Vintage Mauritius – Through the Ages

Vintage Mauritius – Through the Ages

I was introduced to award-winning fine art photographer, Chris Simpson, by Toto Ghoorah, the then manager of the Mauritius Tourism Promotion Authority (MTPA) UK in 1998. It was the year that Susie Freeman Travel was born, so I commissioned him to provide some stunning pictures of the island for our brochure.

Chris grew up on the Mauritian Island, which tuned him into the beauty of light, shape and form. He spent nearly 20 years as a successful fashion photographer, working for the likes of Vogthrouue, before capturing the world in black and white.

‘Mauritius is the country that I love and feel most at home in. It’s an ethnic melting pot, with its population living very much in harmony.’ – Chris Simpson

The Simpsons arrived in 1955, when Chris was three years old. They lived through a historic time on the island, when colonial life was coming to an end. As Deputy Colonial Secretary to Mauritius, Chris’ father helped its journey to independence in 1968, and became head of the new Civil Service. His mother, the daughter of Russian Countess Maria Alexandra Romanovitch Topchienkov, was great friends with Lord Cheshire, and introduced Cheshire Homes to Mauritius.


Mauritius Through the Ages

After 22 years, Chris and I are still great friends. He has kindly allowed me to share these spectacular images of Mauritius which appear in his first book, Carnets des Voyage part 1, with his recollections of taking them. In 2013, while staying at Lux Le Morne, I was one of the few ‘blancs’ at the temple at 5am, to capture pictures of the dramatic Tamil festival of Cavadee, where participants flesh is pierced with needles.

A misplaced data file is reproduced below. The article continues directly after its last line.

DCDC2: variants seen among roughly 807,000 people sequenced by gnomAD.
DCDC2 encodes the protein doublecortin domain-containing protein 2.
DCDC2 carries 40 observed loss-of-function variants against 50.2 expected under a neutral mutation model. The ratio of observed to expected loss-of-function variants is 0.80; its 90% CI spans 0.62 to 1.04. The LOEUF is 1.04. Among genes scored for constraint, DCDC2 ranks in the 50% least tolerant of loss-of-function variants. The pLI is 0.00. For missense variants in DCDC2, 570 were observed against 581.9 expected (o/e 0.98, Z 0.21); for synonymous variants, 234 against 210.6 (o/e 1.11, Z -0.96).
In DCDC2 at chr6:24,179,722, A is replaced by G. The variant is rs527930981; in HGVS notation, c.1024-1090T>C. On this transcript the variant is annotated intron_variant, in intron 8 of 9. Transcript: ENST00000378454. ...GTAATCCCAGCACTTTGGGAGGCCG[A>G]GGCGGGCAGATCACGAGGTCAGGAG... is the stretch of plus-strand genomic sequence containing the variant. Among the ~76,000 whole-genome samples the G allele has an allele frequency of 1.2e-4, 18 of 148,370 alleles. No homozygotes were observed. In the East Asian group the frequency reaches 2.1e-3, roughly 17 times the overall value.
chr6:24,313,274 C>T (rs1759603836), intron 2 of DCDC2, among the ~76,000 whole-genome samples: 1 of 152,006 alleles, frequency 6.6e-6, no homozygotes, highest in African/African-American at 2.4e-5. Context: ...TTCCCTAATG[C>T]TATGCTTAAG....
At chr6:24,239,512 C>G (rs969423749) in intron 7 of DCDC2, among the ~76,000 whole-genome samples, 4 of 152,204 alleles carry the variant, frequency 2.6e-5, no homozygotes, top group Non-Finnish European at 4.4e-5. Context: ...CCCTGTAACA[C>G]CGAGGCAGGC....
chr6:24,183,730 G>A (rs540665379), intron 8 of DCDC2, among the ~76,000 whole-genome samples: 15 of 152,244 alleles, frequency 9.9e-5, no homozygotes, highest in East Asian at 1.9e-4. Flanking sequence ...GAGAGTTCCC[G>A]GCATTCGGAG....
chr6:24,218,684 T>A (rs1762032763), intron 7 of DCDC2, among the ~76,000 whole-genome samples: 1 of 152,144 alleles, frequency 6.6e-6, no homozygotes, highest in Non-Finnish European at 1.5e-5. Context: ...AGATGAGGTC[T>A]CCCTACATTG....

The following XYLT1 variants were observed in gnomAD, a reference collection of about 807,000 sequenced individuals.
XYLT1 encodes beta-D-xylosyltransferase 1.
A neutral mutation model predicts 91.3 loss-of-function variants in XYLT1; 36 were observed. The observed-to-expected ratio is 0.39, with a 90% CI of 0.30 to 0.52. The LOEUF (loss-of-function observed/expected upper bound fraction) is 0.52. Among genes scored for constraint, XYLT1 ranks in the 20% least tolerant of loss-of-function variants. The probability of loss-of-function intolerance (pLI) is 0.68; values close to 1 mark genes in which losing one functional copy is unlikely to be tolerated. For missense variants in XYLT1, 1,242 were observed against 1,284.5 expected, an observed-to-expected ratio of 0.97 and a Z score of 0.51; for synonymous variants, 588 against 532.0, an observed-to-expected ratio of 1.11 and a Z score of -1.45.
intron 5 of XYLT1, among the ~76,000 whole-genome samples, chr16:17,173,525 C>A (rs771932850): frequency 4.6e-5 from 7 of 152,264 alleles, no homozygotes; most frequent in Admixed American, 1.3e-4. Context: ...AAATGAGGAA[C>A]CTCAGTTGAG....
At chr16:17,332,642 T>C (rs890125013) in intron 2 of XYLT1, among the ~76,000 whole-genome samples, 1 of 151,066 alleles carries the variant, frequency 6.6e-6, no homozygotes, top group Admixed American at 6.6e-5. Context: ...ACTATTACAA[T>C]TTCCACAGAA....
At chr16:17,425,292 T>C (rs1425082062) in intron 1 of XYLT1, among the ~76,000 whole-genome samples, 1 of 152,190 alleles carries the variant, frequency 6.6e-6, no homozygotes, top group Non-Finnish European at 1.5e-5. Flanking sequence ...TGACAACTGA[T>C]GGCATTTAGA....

This photograph of Mauritius in the 1970s is of Black River Post Office, with a man on a bicycle and a hole cut in the Banyan Tree hanging over the road for the bus to go through. These photographs were shot for a Green Island Rum calendar in 1990. It featured sugar cane workers, a picture I call ‘little Naomi’ (Campbell) against a tree in Black River and the Hemingwayesque ‘Jack’s sailfish’.

This evocative Robinson-Crusoe-style photograph of the sailboat, Isla Mauritia, which also appeared in the Green Island Rum calendar in 1990, was captured on a dangerous shoot. I had to take a zodiac boat to climb to the top of wedge-shaped Coin de Mire, the closest of the Northern Islands, usually inaccessible to visitors.

A limited edition of just 100 copies, Carnets des Voyage part 1 by Chris Simpson is. presented in a handmade box, with his signature picture ‘Allée des Baobabs’. It costs £2500.

Chris Simpson

The Atlas Gallery

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